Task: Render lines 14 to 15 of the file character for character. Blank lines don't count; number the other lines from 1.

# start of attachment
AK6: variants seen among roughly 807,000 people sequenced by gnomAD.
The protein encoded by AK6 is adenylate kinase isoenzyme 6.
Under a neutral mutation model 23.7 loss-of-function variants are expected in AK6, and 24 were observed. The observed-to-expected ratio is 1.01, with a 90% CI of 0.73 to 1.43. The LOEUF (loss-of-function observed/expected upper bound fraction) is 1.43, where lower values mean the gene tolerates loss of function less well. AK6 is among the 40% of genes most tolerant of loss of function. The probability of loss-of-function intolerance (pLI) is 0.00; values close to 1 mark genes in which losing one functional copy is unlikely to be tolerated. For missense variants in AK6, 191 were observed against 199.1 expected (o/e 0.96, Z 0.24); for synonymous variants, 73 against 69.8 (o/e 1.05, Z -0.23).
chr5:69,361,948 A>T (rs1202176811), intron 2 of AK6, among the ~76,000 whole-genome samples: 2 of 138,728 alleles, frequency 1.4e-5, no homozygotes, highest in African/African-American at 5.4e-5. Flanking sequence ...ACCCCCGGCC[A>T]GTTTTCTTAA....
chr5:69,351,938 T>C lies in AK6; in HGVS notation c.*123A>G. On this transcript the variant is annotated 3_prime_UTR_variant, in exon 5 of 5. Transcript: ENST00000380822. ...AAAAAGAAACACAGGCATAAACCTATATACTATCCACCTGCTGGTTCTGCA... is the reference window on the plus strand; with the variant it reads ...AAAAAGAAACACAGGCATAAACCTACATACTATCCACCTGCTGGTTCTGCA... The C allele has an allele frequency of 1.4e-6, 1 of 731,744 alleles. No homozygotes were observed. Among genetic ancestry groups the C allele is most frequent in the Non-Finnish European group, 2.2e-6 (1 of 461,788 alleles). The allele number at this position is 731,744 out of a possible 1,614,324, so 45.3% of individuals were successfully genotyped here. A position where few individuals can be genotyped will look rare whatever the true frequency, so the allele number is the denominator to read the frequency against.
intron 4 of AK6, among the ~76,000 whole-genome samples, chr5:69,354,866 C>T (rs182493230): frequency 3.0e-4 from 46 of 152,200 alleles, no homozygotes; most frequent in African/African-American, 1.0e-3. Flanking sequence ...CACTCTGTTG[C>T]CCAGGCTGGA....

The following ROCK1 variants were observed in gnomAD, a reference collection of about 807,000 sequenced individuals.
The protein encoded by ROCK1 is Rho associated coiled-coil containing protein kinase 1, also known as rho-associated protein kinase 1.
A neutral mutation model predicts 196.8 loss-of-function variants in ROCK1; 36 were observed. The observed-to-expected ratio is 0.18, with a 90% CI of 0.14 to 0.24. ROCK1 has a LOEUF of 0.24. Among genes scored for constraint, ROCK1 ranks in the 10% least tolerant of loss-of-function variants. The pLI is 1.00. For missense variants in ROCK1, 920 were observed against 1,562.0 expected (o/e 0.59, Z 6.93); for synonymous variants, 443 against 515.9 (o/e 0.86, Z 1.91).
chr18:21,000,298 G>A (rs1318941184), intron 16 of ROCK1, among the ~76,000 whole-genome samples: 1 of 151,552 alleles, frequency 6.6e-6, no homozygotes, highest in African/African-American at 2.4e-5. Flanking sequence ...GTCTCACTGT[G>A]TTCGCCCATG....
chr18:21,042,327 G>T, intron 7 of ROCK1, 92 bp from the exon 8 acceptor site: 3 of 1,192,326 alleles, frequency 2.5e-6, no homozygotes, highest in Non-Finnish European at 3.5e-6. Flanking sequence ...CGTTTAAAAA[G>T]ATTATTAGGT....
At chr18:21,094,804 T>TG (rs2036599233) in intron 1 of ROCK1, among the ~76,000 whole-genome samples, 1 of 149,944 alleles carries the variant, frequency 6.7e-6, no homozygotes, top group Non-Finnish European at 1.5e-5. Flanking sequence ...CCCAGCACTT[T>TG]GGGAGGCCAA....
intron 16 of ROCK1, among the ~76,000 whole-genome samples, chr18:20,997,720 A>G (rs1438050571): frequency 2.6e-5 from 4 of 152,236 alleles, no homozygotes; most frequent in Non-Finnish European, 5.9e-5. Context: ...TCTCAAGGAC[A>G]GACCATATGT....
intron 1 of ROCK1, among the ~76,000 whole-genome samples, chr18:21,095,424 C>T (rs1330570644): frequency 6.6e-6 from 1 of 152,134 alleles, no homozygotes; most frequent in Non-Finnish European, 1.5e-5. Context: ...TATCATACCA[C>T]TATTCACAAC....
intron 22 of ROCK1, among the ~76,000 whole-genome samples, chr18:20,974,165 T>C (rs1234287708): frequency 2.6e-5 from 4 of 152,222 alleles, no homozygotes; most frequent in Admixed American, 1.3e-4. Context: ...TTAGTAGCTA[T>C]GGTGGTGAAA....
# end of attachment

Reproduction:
intron 1 of ROCK1, among the ~76,000 whole-genome samples, chr18:21,095,424 C>T (rs1330570644): frequency 6.6e-6 from 1 of 152,134 alleles, no homozygotes; most frequent in Non-Finnish European, 1.5e-5. Context: ...TATCATACCA[C>T]TATTCACAAC....
intron 22 of ROCK1, among the ~76,000 whole-genome samples, chr18:20,974,165 T>C (rs1234287708): frequency 2.6e-5 from 4 of 152,222 alleles, no homozygotes; most frequent in Admixed American, 1.3e-4. Context: ...TTAGTAGCTA[T>C]GGTGGTGAAA....